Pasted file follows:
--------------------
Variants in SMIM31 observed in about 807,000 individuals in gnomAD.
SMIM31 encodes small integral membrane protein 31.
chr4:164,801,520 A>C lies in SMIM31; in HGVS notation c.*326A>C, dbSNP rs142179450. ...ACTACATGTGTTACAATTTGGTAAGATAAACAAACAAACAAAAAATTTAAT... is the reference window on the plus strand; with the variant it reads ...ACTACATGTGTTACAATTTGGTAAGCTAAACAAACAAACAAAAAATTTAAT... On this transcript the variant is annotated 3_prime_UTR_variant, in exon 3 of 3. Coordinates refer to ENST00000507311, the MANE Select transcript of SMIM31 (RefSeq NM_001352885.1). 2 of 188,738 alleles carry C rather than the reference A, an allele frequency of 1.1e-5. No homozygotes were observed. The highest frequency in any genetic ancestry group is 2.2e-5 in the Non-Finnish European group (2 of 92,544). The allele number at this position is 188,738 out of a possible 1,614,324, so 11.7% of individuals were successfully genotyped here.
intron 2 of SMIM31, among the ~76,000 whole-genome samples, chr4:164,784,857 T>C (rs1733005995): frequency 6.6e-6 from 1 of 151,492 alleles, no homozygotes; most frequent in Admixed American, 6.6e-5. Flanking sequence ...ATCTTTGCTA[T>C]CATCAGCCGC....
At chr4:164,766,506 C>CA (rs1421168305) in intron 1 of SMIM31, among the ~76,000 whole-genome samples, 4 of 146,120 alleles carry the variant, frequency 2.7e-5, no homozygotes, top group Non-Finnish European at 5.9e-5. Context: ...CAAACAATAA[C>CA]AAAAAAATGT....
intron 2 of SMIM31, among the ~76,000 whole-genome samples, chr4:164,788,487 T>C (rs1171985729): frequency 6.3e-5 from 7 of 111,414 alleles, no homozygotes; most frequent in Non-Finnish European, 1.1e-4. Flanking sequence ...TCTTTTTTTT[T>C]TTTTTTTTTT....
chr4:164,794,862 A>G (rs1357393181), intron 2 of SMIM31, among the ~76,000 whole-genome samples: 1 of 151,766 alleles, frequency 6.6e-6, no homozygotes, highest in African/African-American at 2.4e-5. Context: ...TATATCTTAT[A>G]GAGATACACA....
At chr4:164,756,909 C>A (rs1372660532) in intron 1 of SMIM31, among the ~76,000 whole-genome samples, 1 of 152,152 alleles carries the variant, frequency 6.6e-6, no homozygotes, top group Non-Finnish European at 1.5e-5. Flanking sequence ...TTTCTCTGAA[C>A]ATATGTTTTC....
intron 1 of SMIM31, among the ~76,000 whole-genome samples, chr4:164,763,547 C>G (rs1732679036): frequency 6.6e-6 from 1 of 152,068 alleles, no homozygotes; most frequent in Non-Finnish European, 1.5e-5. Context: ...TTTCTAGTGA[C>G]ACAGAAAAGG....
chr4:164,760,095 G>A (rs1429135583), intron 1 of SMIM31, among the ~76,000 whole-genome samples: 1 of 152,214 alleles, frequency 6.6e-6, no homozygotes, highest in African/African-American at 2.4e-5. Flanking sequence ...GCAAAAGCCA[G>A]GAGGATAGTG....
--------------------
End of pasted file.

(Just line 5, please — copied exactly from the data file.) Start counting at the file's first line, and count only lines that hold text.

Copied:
At chr4:164,766,506 C>CA (rs1421168305) in intron 1 of SMIM31, among the ~76,000 whole-genome samples, 4 of 146,120 alleles carry the variant, frequency 2.7e-5, no homozygotes, top group Non-Finnish European at 5.9e-5. Context: ...CAAACAATAA[C>CA]AAAAAAATGT....